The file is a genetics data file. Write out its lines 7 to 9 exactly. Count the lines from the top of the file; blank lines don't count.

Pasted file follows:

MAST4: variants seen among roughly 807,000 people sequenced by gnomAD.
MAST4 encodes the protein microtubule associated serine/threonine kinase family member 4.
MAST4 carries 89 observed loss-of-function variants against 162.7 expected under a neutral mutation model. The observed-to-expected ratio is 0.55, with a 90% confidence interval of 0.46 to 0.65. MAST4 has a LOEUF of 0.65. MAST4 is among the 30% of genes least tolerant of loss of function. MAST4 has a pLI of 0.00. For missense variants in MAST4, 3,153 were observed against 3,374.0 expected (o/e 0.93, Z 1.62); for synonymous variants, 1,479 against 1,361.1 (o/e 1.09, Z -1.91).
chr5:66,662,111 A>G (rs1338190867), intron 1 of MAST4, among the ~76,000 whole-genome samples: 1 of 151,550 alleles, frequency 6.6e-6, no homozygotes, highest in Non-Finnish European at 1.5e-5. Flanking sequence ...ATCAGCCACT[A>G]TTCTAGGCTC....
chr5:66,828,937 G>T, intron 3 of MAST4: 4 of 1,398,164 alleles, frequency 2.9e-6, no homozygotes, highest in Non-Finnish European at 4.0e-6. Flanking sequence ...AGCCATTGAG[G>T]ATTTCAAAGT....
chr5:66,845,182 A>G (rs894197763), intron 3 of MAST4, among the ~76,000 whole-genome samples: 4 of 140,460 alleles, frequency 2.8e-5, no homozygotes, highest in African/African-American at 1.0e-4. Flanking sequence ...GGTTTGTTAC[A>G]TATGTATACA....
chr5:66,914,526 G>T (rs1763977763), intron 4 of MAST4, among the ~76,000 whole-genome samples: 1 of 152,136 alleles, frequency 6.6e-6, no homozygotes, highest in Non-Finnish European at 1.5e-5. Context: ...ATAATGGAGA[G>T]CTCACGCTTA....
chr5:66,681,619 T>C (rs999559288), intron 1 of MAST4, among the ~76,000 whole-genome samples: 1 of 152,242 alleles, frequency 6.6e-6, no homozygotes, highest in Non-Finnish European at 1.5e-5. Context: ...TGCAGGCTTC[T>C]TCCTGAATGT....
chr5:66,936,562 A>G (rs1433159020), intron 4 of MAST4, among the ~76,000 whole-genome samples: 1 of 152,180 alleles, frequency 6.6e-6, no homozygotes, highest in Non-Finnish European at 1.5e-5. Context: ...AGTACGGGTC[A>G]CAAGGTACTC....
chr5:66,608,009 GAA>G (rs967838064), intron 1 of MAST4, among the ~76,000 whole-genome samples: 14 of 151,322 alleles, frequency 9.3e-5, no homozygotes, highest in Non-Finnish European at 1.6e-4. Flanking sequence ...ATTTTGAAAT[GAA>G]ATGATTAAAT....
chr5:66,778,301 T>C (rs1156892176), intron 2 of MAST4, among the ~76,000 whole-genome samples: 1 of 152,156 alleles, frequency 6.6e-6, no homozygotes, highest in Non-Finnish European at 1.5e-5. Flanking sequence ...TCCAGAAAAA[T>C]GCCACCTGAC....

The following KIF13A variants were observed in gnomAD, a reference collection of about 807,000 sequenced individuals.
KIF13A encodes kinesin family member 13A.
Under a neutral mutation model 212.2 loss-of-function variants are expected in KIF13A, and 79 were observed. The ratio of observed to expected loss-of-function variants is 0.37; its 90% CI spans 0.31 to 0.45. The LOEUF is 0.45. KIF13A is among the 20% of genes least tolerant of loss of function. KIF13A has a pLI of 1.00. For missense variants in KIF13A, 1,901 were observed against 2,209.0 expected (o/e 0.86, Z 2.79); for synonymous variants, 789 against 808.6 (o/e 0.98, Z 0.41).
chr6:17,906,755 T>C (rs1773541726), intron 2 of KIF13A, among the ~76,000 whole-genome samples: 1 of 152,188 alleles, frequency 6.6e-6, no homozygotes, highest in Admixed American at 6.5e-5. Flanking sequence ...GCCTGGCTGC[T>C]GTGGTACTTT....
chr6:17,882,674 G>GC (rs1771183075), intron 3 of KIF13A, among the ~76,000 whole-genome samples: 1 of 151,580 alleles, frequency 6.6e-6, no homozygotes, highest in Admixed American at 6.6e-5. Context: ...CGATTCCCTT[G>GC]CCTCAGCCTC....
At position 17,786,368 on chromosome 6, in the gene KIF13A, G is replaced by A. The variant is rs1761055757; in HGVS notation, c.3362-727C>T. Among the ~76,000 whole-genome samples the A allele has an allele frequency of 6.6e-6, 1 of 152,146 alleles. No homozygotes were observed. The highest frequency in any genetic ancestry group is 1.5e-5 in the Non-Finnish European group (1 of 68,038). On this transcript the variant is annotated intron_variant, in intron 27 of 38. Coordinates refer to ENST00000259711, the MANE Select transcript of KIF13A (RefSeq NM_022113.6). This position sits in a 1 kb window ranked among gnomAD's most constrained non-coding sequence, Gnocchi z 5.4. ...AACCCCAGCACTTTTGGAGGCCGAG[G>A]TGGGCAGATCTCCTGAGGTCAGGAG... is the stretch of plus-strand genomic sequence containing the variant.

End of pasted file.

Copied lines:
chr5:66,914,526 G>T (rs1763977763), intron 4 of MAST4, among the ~76,000 whole-genome samples: 1 of 152,136 alleles, frequency 6.6e-6, no homozygotes, highest in Non-Finnish European at 1.5e-5. Context: ...ATAATGGAGA[G>T]CTCACGCTTA....
chr5:66,681,619 T>C (rs999559288), intron 1 of MAST4, among the ~76,000 whole-genome samples: 1 of 152,242 alleles, frequency 6.6e-6, no homozygotes, highest in Non-Finnish European at 1.5e-5. Context: ...TGCAGGCTTC[T>C]TCCTGAATGT....
chr5:66,936,562 A>G (rs1433159020), intron 4 of MAST4, among the ~76,000 whole-genome samples: 1 of 152,180 alleles, frequency 6.6e-6, no homozygotes, highest in Non-Finnish European at 1.5e-5. Context: ...AGTACGGGTC[A>G]CAAGGTACTC....